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Human edited VS Automatic editing

In the long run Human edited directories have to die

     
1:16 am on Oct 26, 2005 (gmt 0)

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As technology improves, you can parse a website and get to know its service, context and area of interest etc in micro seconds and also with near perfect accuracy.

So far software solutions for this particular task are not that great, but will eventually improve.

Definitely human edited sites are good. So DMOZ, Joeant, skaffe services are good. But these services cannot do 100% job. There are millions of websites, thousands of cities, hundreds of countries, millions of different services. Simply put, humans can never even come closer to editing 10% of these websites.
100s of new sites take birth every day.

So, software solutions have to come to light to do this job. Search engines like google and yahoo already do that, but don't have better solutions. This is the only reason , why they rely on DMOZ.

Also, DMOZ/Joeant/Skaffe marketting mantra is, Human edited sites are always good. I agree with this, but they can never complete the task of adding all the sites.

In coming years DMOZ/Joeant/Skaffee will die under their own weight (lack of resources).

Search engines will have their own software solutions and will eventually phase out ODPs.

This is my opinion.

5:54 am on Oct 26, 2005 (gmt 0)

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We have been hand editing our directories from day 1 - and decided a couple of years ago when presented with the opportunity to go "databased" that we would not...

Because most of our add to's are paid listings the workload is manageable... and our only real issue is "dead link cleaning".... which we try to do at least 2 times / year...

We find that human intervention is necessary to maintain quality of listing descriptions and to weed out poor quality site submissions.

Once technology is advanced enough to scrap the crap and write really good quality gramatically correct site descriptions on it's own we might upgrade... but I don't see that happening for at least 10-20 years... or more.

I think humans will always be in the loop where quality counts...

8:21 pm on Oct 27, 2005 (gmt 0)

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why is this always an "either or" proposition? Humans can augment automation.. and automation can augment human efforts. Until we create "the singularity" -- I think humans and bots will just have to get along...
8:32 pm on Oct 27, 2005 (gmt 0)

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Simply put, humans can never even come closer to editing 10% of these websites.

If you are talking about the millions of websites that spring up through the automated activities of spammers and such like, then you have a point.

But then why would humans even want to consider such websites for a directory?

If you are suggesting that somehow humans can create websites 10 times faster than other humans can review them, I'd not with you. It akes *longer* to review a site that to create it? Is that what you are saying.

Afterall, I could argue that 1000s of hours of TV and radio programming is created every day.....Far too much for humans to absorb. Therefor we should invent machines to watch TV for us.

5:06 am on Oct 28, 2005 (gmt 0)

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it just might be that only 10% of websites are actually worth listing...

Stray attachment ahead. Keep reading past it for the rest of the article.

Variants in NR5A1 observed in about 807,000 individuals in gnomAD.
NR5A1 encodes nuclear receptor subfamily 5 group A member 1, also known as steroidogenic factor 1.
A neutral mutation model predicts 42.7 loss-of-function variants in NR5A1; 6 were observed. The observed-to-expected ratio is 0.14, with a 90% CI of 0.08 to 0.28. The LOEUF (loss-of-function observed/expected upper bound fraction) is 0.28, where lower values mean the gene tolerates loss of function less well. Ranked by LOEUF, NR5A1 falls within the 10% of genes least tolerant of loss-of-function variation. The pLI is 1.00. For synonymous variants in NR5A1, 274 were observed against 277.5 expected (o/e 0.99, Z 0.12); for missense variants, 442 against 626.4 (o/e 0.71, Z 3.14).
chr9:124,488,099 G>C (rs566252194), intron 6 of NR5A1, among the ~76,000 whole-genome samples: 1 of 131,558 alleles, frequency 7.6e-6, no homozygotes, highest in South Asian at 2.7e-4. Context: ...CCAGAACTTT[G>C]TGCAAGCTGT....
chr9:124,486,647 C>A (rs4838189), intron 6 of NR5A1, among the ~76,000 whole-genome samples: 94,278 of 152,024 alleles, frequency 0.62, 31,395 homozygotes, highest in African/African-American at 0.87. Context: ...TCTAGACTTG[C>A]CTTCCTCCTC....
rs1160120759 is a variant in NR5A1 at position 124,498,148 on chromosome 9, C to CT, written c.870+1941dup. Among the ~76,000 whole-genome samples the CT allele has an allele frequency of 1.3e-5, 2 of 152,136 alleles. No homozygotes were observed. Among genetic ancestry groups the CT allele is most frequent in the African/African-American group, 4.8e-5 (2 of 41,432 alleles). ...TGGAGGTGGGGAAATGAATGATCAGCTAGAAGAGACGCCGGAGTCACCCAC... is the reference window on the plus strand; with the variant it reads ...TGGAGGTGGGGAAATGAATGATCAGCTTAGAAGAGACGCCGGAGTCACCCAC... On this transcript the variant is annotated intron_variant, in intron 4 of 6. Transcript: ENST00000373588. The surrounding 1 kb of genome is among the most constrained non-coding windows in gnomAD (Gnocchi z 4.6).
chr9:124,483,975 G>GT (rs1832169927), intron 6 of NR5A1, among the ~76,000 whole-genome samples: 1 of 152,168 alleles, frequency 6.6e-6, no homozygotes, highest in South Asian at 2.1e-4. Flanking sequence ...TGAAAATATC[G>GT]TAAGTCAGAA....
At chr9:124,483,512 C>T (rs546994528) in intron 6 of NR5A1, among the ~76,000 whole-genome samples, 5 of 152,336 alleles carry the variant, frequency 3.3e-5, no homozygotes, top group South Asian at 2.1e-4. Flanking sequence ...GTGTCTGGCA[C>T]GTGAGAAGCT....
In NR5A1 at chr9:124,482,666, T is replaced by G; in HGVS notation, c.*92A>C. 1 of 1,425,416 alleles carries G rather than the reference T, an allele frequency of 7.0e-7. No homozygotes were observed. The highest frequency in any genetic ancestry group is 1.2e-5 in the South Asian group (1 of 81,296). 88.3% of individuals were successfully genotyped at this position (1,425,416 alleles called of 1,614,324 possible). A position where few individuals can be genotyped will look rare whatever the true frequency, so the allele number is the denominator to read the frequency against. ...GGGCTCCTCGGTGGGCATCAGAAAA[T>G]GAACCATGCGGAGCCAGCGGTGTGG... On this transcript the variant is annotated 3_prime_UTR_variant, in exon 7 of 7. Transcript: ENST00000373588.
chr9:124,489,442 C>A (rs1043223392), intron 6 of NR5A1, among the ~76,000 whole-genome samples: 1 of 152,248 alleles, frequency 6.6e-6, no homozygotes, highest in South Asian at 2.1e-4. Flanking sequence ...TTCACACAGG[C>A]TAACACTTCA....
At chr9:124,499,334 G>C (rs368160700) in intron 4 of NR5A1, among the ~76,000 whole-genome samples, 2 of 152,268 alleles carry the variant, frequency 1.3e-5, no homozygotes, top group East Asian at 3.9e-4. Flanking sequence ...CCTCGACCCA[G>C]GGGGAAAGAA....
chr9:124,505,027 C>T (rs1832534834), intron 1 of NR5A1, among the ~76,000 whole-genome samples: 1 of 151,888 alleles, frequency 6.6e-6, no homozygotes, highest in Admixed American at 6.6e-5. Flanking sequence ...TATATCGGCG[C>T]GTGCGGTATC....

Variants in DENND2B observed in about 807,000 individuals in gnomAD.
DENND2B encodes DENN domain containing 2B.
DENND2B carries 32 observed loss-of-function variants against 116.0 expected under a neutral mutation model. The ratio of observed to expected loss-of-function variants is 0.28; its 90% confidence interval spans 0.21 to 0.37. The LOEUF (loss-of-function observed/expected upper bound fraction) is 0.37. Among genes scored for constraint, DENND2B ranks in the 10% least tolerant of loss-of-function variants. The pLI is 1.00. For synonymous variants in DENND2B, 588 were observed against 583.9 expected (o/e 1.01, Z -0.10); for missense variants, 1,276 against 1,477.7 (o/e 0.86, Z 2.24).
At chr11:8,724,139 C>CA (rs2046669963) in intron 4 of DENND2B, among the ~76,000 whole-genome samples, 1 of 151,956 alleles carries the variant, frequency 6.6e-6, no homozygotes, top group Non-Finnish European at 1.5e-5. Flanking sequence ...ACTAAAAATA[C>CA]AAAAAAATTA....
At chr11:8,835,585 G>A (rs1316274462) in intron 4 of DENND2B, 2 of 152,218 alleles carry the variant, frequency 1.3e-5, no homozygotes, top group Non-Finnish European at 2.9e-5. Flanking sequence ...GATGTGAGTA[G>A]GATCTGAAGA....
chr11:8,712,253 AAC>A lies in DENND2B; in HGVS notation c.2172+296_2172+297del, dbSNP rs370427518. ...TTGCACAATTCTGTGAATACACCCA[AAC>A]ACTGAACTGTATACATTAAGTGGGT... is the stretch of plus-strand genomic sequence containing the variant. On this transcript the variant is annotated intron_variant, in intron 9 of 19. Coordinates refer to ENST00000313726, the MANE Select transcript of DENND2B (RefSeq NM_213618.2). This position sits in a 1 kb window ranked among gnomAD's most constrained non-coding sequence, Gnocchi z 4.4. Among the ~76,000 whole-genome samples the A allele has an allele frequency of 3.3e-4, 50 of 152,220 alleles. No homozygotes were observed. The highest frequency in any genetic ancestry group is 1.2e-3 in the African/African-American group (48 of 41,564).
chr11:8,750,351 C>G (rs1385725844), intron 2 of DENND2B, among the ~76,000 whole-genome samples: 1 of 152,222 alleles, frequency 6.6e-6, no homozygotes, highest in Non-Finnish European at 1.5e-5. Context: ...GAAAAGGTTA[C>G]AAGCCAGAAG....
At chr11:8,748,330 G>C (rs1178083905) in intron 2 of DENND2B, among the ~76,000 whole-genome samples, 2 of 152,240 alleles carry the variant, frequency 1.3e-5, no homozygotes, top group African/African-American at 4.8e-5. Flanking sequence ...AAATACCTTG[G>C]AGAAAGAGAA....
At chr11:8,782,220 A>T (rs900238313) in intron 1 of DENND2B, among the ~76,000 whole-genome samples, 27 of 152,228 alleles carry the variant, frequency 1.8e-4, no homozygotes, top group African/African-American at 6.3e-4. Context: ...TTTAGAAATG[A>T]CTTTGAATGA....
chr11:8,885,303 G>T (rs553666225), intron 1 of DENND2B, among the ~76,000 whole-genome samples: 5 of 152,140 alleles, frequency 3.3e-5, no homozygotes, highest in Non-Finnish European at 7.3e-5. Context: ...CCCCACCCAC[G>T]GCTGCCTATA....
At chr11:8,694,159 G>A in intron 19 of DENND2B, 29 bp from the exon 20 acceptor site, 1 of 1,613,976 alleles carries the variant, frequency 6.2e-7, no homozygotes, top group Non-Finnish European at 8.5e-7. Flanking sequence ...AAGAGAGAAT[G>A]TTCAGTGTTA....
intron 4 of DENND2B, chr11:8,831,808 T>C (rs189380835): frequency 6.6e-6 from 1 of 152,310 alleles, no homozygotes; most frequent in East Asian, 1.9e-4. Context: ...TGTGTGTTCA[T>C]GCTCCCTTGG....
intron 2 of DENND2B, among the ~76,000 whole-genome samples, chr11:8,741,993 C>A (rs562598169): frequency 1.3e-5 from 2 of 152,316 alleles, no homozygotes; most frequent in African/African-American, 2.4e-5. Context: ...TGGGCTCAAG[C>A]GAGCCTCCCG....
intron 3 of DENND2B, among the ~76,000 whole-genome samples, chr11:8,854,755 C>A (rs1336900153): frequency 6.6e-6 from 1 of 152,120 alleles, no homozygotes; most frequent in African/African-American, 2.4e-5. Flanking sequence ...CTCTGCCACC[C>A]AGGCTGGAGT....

and only humans can truely guage quality by direct reviewing...

so crawl the entire web - and sort it out by hand + some filters... with 1,000 employees reviewing 200 sites a day maybe it would take 2-3 years... now that's an information retrieval resource one might pay to use...

though I'd hate to see the employee turn over rate at a sweatshop like that... LoL - maybe that explains all the search companies outsourcing / moving to india and other places...

2:35 am on Nov 2, 2005 (gmt 0)

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"Simply put, humans can never even come closer to editing 10% of these websites."

I think this is why niche directories are the way to go. Everyone (directory operator, included sites, and search engines) can be relatively sure that the sites in an honest niche directory are actually relevant to the directory's niche.

11:34 am on Nov 2, 2005 (gmt 0)

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Yes, but as you say: "honest" directories. It's not easy to find a honest niche directory when you are new to a topic or - like a global search engine - are interested in many topics.

And - as you most likely know already - for every possible topic there are lots of small "directories" which are extremely dishonest. Either by just listing sites they are affiliated with, or by excluding noncommercial sites through listing fees.

5:23 pm on Nov 3, 2005 (gmt 0)

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I have to disagree at least with Skaffe Directory dieing under its own weight. We can easily handle the submissions and increased submissions simply mean adding more resources to process the submissions. We have been in the directory business for quite some time and have a fast and efficient submission processing system with plenty of room for expansion.

WoW Directory I have set up very similar. The majority of the submissions are free submissions and lots of them but we get all accepted submissions processed within what I consider a reasonable period of time. Normally within two weeks and frequently much less. WoW also has plenty of room for expansion.

5:35 pm on Nov 3, 2005 (gmt 0)

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There is clustering technology. It's sort of similar to directories.
 

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